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What happens to a loved one’s assets after they pass away?

On Behalf of | Mar 1, 2024 | Wills And Trusts |

Losing a loved one can be devastating. It can even be more stressful when family members are left to deal with the deceased family member’s estate and property while dealing with their grief and pain. However, knowing some basics of how the process works can help people navigate this complicated time more easily. 

If the decedent left a will

Suppose the decedent (person who died) prepared a will. In that case, their estate will typically go through probate, unless the person placed assets in trusts to bypass probate.  

The court will authorize the executor or the personal representative to step in and manage the decedent’s estate. The executor has numerous responsibilities, including:  

  • Inventorying the decedent’s assets 
  • Gathering critical legal documents 
  • Notifying beneficiaries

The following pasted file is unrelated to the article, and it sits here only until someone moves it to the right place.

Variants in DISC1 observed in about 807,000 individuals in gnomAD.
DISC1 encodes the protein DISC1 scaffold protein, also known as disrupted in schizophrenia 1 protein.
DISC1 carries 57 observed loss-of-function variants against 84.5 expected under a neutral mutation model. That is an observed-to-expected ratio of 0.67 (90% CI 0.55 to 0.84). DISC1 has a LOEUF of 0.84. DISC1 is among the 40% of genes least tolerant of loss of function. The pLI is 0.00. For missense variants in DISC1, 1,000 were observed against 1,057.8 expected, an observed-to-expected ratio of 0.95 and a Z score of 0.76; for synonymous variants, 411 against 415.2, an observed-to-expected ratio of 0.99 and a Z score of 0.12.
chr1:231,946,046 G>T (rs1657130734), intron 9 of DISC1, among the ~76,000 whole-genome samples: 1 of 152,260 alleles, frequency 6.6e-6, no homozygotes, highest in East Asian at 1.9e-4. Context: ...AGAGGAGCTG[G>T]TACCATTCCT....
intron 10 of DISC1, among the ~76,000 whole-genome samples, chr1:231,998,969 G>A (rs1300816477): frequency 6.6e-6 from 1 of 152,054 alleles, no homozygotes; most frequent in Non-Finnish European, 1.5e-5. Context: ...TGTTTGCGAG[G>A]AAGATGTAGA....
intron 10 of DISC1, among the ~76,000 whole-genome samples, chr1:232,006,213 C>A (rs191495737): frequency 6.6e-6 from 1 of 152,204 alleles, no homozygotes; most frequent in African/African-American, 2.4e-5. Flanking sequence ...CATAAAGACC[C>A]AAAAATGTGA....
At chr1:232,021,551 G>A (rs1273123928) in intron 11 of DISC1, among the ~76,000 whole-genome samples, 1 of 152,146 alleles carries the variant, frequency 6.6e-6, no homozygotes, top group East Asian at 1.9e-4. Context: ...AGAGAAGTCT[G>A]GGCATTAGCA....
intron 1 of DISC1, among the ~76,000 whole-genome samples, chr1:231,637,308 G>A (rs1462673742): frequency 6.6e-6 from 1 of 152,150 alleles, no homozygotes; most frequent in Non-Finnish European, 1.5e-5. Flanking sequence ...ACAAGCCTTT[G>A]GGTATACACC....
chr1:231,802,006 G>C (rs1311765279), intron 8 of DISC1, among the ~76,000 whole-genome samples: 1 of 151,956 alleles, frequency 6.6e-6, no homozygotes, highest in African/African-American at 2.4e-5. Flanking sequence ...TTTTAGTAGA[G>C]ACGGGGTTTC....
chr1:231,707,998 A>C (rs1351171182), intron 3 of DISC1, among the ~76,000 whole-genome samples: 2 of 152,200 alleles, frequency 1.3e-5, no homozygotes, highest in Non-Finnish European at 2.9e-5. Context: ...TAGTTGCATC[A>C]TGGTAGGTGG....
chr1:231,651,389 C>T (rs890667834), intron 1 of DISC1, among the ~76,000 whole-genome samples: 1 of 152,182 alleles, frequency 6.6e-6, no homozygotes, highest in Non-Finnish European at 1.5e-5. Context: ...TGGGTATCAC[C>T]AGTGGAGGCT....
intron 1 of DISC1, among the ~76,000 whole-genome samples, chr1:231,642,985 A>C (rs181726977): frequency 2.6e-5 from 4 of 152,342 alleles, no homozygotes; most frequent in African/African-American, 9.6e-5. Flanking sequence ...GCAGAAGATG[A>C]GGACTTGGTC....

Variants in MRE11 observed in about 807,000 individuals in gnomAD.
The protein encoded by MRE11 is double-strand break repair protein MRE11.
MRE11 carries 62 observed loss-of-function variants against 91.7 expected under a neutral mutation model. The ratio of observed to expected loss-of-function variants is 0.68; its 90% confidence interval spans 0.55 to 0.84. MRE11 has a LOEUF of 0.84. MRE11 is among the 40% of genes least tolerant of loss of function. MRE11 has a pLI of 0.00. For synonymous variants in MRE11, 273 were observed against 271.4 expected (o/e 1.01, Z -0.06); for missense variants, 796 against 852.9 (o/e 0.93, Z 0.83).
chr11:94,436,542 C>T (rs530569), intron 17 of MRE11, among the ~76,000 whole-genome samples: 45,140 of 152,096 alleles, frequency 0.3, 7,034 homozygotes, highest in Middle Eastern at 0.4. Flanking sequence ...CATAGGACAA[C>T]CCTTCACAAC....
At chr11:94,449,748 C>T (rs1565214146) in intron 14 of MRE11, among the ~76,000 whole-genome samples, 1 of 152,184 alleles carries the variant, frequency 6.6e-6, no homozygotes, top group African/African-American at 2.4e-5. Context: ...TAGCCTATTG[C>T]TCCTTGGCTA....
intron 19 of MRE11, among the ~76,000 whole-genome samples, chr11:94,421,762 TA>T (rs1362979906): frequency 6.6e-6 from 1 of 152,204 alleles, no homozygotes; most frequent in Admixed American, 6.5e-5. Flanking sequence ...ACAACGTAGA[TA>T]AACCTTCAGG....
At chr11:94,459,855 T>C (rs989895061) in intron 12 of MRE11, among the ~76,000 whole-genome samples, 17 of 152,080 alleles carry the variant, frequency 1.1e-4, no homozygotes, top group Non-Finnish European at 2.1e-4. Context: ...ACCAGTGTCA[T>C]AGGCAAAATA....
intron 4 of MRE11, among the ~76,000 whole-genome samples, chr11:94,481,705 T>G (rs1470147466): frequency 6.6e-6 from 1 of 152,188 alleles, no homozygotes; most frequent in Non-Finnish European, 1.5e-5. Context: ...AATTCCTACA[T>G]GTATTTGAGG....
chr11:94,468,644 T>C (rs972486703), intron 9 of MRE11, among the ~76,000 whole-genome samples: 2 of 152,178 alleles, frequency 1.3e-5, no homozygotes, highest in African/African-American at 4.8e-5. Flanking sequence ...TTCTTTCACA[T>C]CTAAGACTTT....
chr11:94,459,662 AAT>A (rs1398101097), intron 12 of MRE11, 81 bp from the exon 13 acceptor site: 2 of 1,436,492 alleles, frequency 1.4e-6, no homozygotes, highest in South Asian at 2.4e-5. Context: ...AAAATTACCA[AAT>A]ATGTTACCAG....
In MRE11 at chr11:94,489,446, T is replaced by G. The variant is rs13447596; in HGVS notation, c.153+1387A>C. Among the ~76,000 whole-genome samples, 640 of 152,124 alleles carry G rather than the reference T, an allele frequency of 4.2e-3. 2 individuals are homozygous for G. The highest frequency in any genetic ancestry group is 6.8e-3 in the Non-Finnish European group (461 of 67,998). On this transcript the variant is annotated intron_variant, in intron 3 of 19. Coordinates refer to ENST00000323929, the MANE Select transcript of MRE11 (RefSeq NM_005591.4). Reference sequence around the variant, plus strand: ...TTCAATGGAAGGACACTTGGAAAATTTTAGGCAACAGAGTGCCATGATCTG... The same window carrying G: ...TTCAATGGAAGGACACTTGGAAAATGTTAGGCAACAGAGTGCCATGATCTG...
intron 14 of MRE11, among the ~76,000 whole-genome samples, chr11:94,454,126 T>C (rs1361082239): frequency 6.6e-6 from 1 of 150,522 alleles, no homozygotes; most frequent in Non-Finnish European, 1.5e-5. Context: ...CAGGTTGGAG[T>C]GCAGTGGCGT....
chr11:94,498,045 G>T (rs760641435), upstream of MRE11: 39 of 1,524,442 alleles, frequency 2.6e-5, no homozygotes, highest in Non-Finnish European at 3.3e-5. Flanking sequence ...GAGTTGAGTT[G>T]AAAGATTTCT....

• Settling debts 
  • Filing taxes 
  • Distributing assets according to the will 

A person’s will can also provide direction regarding final arrangements and burial wishes. 

What if there is no will present?

If there is no will available, the courts and court-appointed parties will make decisions in accordance with state laws. In Virginia, the assets of any family member will go to their closest relatives under the state intestate succession laws. The intestate law indicates that immediate family members are the first line of succession, meaning the spouse and decedent’s descendants. The succession goes:  

  • Surviving spouse (shared with children, if there are any) 
  • Children (if there is no surviving spouse) 
  • Parents (if there are no children) 
  • Siblings and their descendants (if there are no living parents) 
  • Divided between paternal and maternal blood relatives (if there are no siblings) 

This kind of succession is used by default in Virginia, and a lot of issues can complicate it. For instance, things like divorce and remarriage can affect this succession.  

Again, the passing of a relative can be traumatic and overwhelming. Knowing what will happen to their property can help family and other loved ones ease the stress and make it easier to get through this difficult time.